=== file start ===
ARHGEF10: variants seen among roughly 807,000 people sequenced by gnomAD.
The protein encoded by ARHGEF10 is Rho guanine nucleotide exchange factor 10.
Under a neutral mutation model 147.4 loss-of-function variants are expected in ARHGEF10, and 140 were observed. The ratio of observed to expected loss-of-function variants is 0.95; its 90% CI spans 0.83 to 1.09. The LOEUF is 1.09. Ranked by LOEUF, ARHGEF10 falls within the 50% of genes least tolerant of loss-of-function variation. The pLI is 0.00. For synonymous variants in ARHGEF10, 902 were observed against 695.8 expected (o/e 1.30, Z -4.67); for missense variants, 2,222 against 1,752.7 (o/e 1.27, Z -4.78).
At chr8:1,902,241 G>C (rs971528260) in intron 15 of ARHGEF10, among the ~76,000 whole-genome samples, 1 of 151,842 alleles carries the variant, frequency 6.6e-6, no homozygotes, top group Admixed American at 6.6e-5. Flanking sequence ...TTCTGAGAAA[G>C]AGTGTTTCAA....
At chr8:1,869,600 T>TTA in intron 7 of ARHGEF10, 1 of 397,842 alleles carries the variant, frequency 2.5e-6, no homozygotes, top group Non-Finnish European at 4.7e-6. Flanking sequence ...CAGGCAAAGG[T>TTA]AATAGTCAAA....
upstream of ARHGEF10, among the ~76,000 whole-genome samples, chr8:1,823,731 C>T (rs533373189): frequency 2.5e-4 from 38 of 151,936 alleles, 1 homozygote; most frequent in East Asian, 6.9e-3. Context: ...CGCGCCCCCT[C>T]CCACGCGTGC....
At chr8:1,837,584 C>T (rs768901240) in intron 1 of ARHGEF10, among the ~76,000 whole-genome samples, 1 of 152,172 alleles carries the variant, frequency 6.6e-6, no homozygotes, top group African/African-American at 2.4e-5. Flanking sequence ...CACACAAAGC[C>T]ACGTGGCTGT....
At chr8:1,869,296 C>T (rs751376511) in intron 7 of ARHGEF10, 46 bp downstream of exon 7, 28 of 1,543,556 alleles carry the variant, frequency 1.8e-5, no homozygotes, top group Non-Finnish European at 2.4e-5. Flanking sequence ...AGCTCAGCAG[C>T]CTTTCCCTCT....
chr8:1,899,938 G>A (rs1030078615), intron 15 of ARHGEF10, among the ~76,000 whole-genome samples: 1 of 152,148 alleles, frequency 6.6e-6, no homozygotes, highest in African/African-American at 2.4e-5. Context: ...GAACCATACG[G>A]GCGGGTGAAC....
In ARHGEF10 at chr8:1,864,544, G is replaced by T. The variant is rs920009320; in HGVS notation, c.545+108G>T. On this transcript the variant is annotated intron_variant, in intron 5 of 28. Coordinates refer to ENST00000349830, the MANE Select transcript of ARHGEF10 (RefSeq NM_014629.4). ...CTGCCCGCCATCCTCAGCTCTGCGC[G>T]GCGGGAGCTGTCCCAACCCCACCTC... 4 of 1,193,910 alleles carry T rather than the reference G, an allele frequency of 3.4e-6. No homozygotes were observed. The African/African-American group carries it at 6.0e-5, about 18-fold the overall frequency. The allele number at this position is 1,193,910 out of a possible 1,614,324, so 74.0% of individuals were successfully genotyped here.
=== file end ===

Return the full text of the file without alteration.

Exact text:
ARHGEF10: variants seen among roughly 807,000 people sequenced by gnomAD.
The protein encoded by ARHGEF10 is Rho guanine nucleotide exchange factor 10.
Under a neutral mutation model 147.4 loss-of-function variants are expected in ARHGEF10, and 140 were observed. The ratio of observed to expected loss-of-function variants is 0.95; its 90% CI spans 0.83 to 1.09. The LOEUF is 1.09. Ranked by LOEUF, ARHGEF10 falls within the 50% of genes least tolerant of loss-of-function variation. The pLI is 0.00. For synonymous variants in ARHGEF10, 902 were observed against 695.8 expected (o/e 1.30, Z -4.67); for missense variants, 2,222 against 1,752.7 (o/e 1.27, Z -4.78).
At chr8:1,902,241 G>C (rs971528260) in intron 15 of ARHGEF10, among the ~76,000 whole-genome samples, 1 of 151,842 alleles carries the variant, frequency 6.6e-6, no homozygotes, top group Admixed American at 6.6e-5. Flanking sequence ...TTCTGAGAAA[G>C]AGTGTTTCAA....
At chr8:1,869,600 T>TTA in intron 7 of ARHGEF10, 1 of 397,842 alleles carries the variant, frequency 2.5e-6, no homozygotes, top group Non-Finnish European at 4.7e-6. Flanking sequence ...CAGGCAAAGG[T>TTA]AATAGTCAAA....
upstream of ARHGEF10, among the ~76,000 whole-genome samples, chr8:1,823,731 C>T (rs533373189): frequency 2.5e-4 from 38 of 151,936 alleles, 1 homozygote; most frequent in East Asian, 6.9e-3. Context: ...CGCGCCCCCT[C>T]CCACGCGTGC....
At chr8:1,837,584 C>T (rs768901240) in intron 1 of ARHGEF10, among the ~76,000 whole-genome samples, 1 of 152,172 alleles carries the variant, frequency 6.6e-6, no homozygotes, top group African/African-American at 2.4e-5. Flanking sequence ...CACACAAAGC[C>T]ACGTGGCTGT....
At chr8:1,869,296 C>T (rs751376511) in intron 7 of ARHGEF10, 46 bp downstream of exon 7, 28 of 1,543,556 alleles carry the variant, frequency 1.8e-5, no homozygotes, top group Non-Finnish European at 2.4e-5. Flanking sequence ...AGCTCAGCAG[C>T]CTTTCCCTCT....
chr8:1,899,938 G>A (rs1030078615), intron 15 of ARHGEF10, among the ~76,000 whole-genome samples: 1 of 152,148 alleles, frequency 6.6e-6, no homozygotes, highest in African/African-American at 2.4e-5. Context: ...GAACCATACG[G>A]GCGGGTGAAC....
In ARHGEF10 at chr8:1,864,544, G is replaced by T. The variant is rs920009320; in HGVS notation, c.545+108G>T. On this transcript the variant is annotated intron_variant, in intron 5 of 28. Coordinates refer to ENST00000349830, the MANE Select transcript of ARHGEF10 (RefSeq NM_014629.4). ...CTGCCCGCCATCCTCAGCTCTGCGC[G>T]GCGGGAGCTGTCCCAACCCCACCTC... 4 of 1,193,910 alleles carry T rather than the reference G, an allele frequency of 3.4e-6. No homozygotes were observed. The African/African-American group carries it at 6.0e-5, about 18-fold the overall frequency. The allele number at this position is 1,193,910 out of a possible 1,614,324, so 74.0% of individuals were successfully genotyped here.